Baldwin systems can be found on much of the offset press equipment sold throughout the industry where it is the dominant force in cleaning technology. Now it has its sights set on the flexo market too. At Ipex it was showing a model of the FlexoPlateCleaner, an automatic brush plate cleaning system for the corrugated flexo market. By replacing what is, in many cases, still a manual, time-consuming operation on packaging board presses, the FlexoPlateCleaner aims to increase press uptime by 40-50%, delivering a huge boost in productivity.

    Compared to the 20-25 minutes it might take to clean a plate by hand, the automated plate cleaner can wash and dry all plates in as little as three minutes during a production run, enabling shorter press-stops and a cleaner working environment for the printers.

    Baldwin is also cleaning up in the pressroom with a new line of cleaning cloths called CleanPac which can be used for manual cleaning of the press as well being suitable for hand cleaning. The CleanPac cloths come in a pre-packed container and are a cost-effective, safe alternative to cleaning rags.

    Pictured: Perfect hosts: (l-r) Gerald Nathe, chairman of Baldwin Technology with Print21 editor, Simon Enticknap, and Peter Tkachuk, managing director for Baldwin Graphic Equipment in Australia and South-East Asia.

    Screen Jets all over the stand

    Inkjet printing dominated the Screen stand at Ipex with the release of the Truepress JetSX sheetfed press as well as two new versions of the Truepress Jet520 continuous feed press, not forgetting the Truepress Jet2500UV wide format machine.

    The JetSX drew much of the attention as the first duplex B2-sheet inkjet press on the market, undoubtedly one of the highlights of the show in terms of completely new technology.

    In continuous feed, the Jet520EX is a monochrome version of the successful Jet520 platform, aimed at the on-demand book printing market, while the Jet520 CP is designed for the commercial print market but priced to appeal to printers with lower expected volumes than typically required for a high speed digital inkjet press.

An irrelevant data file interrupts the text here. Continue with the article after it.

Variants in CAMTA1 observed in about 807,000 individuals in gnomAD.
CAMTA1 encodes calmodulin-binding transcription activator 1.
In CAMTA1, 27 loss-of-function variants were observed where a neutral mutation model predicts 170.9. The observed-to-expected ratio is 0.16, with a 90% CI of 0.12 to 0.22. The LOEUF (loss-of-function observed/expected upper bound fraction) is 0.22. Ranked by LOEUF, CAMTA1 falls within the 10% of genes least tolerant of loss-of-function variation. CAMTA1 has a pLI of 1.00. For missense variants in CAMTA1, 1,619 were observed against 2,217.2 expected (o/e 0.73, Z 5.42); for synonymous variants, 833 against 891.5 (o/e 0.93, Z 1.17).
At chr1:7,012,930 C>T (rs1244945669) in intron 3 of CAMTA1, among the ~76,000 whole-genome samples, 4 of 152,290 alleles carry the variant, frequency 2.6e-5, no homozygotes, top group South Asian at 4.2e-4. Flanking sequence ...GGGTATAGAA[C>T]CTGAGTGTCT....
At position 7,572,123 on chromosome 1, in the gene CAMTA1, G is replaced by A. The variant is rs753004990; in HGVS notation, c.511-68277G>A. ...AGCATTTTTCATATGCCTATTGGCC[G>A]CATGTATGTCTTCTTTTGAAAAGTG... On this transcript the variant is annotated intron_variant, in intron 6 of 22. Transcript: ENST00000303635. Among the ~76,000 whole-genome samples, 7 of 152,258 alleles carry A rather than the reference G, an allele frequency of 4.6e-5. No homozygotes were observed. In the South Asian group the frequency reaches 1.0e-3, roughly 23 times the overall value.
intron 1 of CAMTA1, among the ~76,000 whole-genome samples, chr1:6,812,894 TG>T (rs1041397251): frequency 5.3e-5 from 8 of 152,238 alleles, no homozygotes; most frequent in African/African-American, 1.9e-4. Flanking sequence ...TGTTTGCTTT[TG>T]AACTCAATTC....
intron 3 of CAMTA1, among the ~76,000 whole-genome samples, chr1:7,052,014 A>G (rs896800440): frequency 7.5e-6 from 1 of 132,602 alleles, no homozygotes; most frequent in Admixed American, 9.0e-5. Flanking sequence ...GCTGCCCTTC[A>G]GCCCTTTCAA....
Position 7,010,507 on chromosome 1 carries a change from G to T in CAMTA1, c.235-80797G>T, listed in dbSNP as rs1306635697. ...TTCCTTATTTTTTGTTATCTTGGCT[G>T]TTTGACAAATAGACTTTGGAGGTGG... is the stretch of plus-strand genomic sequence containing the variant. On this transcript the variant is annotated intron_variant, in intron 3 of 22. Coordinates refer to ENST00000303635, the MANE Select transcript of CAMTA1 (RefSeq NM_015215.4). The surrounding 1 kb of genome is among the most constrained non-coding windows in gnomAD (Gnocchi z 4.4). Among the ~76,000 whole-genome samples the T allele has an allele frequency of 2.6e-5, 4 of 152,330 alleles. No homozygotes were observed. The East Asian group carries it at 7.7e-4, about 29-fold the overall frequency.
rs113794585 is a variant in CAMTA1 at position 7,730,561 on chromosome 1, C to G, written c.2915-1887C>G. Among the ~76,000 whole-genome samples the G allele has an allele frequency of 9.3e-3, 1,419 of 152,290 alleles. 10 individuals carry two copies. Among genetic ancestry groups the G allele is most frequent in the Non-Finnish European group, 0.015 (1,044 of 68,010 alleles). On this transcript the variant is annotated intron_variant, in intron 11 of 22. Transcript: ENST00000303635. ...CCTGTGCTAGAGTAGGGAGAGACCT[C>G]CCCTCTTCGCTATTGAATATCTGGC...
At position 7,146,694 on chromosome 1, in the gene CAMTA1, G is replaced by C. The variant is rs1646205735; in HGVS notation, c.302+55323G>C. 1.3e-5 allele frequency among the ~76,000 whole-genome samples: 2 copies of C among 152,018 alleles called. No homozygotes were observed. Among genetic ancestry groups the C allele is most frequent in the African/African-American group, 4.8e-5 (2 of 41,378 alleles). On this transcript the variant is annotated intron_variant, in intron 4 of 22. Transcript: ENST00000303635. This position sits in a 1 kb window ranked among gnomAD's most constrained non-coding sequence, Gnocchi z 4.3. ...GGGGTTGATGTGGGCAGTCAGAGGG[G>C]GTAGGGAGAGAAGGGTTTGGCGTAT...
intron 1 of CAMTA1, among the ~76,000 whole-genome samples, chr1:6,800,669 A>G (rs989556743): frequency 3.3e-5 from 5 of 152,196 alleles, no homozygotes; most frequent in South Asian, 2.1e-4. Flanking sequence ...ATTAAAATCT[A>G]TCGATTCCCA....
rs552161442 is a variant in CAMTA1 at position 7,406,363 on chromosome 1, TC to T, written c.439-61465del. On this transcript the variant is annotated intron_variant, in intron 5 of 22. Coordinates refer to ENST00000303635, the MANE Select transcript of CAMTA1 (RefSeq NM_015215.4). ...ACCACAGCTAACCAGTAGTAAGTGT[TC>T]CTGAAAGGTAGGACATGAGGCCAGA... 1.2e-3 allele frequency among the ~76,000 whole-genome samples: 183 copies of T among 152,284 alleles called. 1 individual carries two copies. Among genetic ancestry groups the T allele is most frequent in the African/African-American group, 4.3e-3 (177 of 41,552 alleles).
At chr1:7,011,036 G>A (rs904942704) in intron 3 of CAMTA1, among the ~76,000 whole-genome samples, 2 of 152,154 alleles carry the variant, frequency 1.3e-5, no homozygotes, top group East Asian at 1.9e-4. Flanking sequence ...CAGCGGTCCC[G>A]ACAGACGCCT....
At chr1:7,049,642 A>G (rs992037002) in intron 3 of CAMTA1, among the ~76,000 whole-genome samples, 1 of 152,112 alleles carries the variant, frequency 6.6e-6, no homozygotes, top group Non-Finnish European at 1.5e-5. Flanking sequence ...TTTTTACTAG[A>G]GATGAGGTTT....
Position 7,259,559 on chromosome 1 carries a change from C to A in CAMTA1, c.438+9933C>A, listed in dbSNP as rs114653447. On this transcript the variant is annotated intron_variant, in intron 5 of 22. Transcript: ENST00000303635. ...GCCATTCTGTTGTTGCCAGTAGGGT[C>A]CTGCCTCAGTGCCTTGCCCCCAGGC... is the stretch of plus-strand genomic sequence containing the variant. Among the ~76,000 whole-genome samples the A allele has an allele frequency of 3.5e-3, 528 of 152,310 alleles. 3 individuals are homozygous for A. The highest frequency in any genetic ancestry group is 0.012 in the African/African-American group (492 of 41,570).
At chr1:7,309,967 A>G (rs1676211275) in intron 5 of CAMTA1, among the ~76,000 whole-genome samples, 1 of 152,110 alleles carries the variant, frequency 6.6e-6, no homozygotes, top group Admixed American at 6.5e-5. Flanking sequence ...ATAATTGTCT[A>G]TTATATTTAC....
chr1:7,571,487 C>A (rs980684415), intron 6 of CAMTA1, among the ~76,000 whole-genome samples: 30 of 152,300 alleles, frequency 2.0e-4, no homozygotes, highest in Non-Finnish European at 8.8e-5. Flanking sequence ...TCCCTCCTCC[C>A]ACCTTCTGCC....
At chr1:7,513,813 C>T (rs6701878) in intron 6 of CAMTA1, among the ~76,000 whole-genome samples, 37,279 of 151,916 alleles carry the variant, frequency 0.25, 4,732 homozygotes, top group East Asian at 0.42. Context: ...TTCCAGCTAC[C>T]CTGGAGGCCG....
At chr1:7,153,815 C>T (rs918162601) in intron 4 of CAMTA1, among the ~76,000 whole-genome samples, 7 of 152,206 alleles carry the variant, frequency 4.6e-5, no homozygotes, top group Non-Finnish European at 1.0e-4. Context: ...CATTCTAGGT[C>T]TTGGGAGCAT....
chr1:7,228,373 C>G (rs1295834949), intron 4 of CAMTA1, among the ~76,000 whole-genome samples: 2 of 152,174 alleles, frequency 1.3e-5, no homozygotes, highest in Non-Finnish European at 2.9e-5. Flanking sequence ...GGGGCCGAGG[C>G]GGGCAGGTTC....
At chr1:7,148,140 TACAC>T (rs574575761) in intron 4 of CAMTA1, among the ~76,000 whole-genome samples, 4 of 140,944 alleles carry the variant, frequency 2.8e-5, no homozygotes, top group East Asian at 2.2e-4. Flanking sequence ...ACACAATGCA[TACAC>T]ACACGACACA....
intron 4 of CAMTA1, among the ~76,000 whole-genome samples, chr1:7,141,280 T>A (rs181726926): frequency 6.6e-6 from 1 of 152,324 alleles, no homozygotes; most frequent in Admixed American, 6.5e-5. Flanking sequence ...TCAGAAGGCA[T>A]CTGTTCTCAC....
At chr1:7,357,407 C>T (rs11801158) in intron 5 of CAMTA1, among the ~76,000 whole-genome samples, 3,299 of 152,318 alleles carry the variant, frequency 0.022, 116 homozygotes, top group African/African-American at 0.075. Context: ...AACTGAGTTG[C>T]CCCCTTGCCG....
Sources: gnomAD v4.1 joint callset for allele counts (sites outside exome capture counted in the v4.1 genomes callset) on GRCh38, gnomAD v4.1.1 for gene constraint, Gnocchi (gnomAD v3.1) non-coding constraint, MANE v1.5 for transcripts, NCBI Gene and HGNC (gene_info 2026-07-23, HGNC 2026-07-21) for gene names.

Screen believes the Truepress Jet520 CP package is a viable option for any business printing more than one million impressions per month.

    Speaking to Print21, Kunihisa Hashimoto, senior vice president and general manager of the Dainippon Screen business management division, wouldn’t be drawn on new developments for the Jet520 system in future, stating that developments such as a wider web or faster running speeds would depend on what customers wanted.

    Pictured above: Introducing the new Truepress JetSX (l-r) Kunihisa Hashimoto, senior vice president and general manager of the Dainippon Screen business management division, Simon Enticknap, Print21 editor, Akira Hayakawa, managing director, Screen Australia, and Peter Scott, technical sales support, Screen Australia.

  • Salmat looks to the letterbox for small business growth

    Print work coming up for grabs as Salmat prepares to launch website for SMEs to create their own marketing collateral.

    The pilot website, (currently unnamed), which will be launched in July/August this year, allows businesses to log on and design material including catalogues and brochures, which the company will then distribute through letterboxes.

    CEO, Grant Harrod, (pictured), told Print21 that Australia is “a small business economy” and SMEs need an easier alternative to market themselves. “The letterbox is a great platform,” he said. “Its returns are massive for minimal investment. The big issue is that businesses need someone to bring it all together, which is what we’re looking to do with this program. SMEs don’t have the infrastructure of larger organisations – they need a one-stop-shop and a direct marketing strategy delivered to them.”

    The good news for Australian printers is that production of the marketing material will be outsourced. “We will put together a print network and distribute work to local printers who are the most time and cost-effective,” Harrod explained. “From there, they will print it and deliver the work back to our distribution houses.”

    Harrod also asserted that printed marketing material is an advantageous medium for businesses to use. “We can run reporting for customers so they can see what the response rate is like, which they can’t really accomplish today with other traditional forms of advertising,” he said.

    Harrod expects that as the website gains momentum it may also work in conjunction with SMS and email marketing, along with Salmat’s online catalogue website, Lasoo.com.au  “We expect to expand the relationships into other direct marketing channels,” he said.